Monday , September 23 2019
Home / EconLog Library / Great Moments in Price Discrimination

Great Moments in Price Discrimination

Summary:
Below is a quote from a news item in the Washington Post by Casey Quackenbush, August 15, 2019. It’s titled “A Run on Gas Masks: Hong Kong protestors circumvent crackdown on protective gear” and is quoted in Liz Wolfe, “Hong Kong’s Market Is Providing Gas Masks and Protective Gear Despite Government Crackdown,” Reason.com, August 16, 2019. At big protests, [Lee] rents a stall nearby and sells packets containing an eye mask, respirator, gloves and helmet. The packet costs him about , but he sells on a pay-what-you-can basis. The student price is .27…At a recent protest, Lee said, about 20 police came to his stall looking for ‘laser pens or other dangerous goods.’ He packages his supplies in black plastic bags. That way, protesters won’t get stopped on the

Topics:
David Henderson considers the following as important: , , , ,

This could be interesting, too:

Scott Sumner writes The Great Chinese Firewall

David Henderson writes A Celebration of the U.S. Constitution

Pierre Lemieux writes The Problem of France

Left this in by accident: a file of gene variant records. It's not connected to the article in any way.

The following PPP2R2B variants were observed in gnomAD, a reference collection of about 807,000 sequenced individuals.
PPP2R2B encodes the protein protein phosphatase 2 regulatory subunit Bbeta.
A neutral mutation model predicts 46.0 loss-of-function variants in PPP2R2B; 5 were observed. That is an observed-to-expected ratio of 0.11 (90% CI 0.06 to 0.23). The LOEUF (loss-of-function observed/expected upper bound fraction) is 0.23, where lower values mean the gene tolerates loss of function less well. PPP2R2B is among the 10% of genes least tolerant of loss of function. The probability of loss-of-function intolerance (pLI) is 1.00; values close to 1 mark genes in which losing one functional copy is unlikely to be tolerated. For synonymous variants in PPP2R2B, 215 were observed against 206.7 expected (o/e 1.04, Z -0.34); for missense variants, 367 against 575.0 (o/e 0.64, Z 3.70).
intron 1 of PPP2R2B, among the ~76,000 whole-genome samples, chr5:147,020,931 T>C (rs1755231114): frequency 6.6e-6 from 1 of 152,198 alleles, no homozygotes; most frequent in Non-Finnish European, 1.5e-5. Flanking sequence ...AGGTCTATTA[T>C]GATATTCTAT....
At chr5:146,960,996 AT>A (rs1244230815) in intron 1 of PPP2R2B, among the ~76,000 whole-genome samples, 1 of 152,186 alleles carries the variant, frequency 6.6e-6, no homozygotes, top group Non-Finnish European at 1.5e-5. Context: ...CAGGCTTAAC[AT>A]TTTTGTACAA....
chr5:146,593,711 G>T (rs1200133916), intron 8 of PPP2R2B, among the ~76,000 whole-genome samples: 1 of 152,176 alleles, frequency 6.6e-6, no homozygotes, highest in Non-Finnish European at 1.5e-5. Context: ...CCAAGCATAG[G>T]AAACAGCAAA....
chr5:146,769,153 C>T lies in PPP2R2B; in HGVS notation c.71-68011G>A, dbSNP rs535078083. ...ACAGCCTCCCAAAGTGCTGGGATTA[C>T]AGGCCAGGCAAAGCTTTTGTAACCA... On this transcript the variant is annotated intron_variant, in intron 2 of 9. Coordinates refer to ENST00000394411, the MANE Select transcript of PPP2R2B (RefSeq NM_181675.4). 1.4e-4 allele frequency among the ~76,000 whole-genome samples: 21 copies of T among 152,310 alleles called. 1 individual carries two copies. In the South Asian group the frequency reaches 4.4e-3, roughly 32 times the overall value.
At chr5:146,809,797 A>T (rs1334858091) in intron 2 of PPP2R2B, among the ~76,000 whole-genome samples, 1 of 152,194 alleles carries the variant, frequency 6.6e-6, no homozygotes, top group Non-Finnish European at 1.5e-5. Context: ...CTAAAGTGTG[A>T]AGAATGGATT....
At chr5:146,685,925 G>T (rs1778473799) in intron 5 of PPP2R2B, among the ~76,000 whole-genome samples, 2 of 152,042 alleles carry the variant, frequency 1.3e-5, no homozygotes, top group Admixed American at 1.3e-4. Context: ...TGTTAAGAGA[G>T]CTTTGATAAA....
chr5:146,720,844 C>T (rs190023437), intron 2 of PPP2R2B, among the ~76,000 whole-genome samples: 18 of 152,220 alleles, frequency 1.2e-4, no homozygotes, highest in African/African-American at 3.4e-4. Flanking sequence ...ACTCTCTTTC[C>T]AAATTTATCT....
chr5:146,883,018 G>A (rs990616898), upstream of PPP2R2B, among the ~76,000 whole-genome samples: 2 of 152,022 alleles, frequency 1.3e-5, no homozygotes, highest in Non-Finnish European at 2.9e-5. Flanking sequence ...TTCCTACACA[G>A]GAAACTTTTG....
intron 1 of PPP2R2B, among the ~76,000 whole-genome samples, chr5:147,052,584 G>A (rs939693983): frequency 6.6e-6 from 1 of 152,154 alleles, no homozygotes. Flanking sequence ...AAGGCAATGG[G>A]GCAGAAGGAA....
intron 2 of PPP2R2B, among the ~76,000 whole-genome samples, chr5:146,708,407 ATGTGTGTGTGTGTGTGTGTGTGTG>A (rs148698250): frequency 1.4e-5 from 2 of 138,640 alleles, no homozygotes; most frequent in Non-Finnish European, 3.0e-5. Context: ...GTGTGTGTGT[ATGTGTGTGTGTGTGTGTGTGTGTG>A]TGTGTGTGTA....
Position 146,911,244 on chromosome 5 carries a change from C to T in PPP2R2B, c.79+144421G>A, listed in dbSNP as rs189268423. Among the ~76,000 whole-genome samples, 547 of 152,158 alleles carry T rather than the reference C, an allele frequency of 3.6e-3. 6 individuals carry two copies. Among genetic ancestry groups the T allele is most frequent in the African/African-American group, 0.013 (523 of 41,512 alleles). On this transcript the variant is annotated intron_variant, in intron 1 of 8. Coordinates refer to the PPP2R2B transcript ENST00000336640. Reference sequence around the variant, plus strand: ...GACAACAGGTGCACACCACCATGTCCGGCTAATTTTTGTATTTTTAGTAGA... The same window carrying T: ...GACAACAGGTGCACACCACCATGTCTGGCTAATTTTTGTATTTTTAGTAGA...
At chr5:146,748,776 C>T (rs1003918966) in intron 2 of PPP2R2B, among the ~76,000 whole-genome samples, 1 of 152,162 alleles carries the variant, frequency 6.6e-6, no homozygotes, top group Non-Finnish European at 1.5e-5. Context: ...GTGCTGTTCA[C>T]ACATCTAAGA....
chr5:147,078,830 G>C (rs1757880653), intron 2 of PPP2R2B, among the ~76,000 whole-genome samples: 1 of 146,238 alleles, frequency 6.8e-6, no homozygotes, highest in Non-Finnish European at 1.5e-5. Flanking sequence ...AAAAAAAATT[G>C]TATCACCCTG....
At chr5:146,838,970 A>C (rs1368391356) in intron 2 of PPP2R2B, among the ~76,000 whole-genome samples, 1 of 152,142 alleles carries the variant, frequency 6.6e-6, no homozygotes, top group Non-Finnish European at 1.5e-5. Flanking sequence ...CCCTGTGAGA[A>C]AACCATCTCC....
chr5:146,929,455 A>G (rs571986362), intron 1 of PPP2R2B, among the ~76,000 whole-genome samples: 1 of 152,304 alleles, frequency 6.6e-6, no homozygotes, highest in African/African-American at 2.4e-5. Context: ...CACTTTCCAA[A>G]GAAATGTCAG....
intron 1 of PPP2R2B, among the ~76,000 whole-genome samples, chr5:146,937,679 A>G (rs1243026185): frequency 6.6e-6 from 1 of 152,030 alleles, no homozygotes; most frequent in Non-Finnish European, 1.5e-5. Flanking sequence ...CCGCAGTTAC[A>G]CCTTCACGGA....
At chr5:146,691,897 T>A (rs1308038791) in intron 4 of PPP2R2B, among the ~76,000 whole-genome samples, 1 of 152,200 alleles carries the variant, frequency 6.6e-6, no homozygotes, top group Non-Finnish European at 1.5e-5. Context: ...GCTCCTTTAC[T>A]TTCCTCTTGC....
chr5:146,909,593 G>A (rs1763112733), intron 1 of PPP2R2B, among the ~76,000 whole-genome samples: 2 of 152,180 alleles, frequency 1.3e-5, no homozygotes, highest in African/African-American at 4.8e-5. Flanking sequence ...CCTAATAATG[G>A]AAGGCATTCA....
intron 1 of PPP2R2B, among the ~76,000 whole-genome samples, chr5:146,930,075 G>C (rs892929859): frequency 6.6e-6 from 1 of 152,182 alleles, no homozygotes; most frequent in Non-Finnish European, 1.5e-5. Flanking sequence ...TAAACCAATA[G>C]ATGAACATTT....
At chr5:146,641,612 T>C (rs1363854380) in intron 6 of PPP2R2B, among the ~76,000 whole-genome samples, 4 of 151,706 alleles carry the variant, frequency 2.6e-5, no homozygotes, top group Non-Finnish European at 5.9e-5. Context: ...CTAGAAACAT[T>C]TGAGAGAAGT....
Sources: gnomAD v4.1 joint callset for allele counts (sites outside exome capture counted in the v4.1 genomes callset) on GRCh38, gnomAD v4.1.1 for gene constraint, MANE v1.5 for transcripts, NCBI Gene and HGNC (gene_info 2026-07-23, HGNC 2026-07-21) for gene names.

Pierre Lemieux writes Power to the Children and Hail to the State!

Below is a quote from a news item in the Washington Post by Casey Quackenbush, August 15, 2019. It’s titled “A Run on Gas Masks: Hong Kong protestors circumvent crackdown on protective gear” and is quoted in Liz Wolfe, “Hong Kong’s Market Is Providing Gas Masks and Protective Gear Despite Government Crackdown,” Reason.com, August 16, 2019.

At big protests, [Lee] rents a stall nearby and sells packets containing an eye mask, respirator, gloves and helmet. The packet costs him about $64, but he sells on a pay-what-you-can basis. The student price is $1.27…At a recent protest, Lee said, about 20 police came to his stall looking for ‘laser pens or other dangerous goods.’

He packages his supplies in black plastic bags. That way, protesters won’t get stopped on the streets, and if the police want to know what’s inside, they need to buy it. He said he charges government staff about 1,000 times the student rate.

‘This is my business, not the government’s,’ he said.

David Henderson
David Henderson is a British economist. He was the Head of the Economics and Statistics Department at the OECD in 1984–1992. Before that he worked as an academic economist in Britain, first at Oxford (Fellow of Lincoln College) and later at University College London (Professor of Economics, 1975–1983); as a British civil servant (first as an Economic Advisor in HM Treasury, and later as Chief Economist in the Ministry of Aviation); and as a staff member of the World Bank (1969–1975). In 1985 he gave the BBC Reith Lectures, which were published in the book Innocence and Design: The Influence of Economic Ideas on Policy (Blackwell, 1986).

Leave a Reply

Your email address will not be published. Required fields are marked *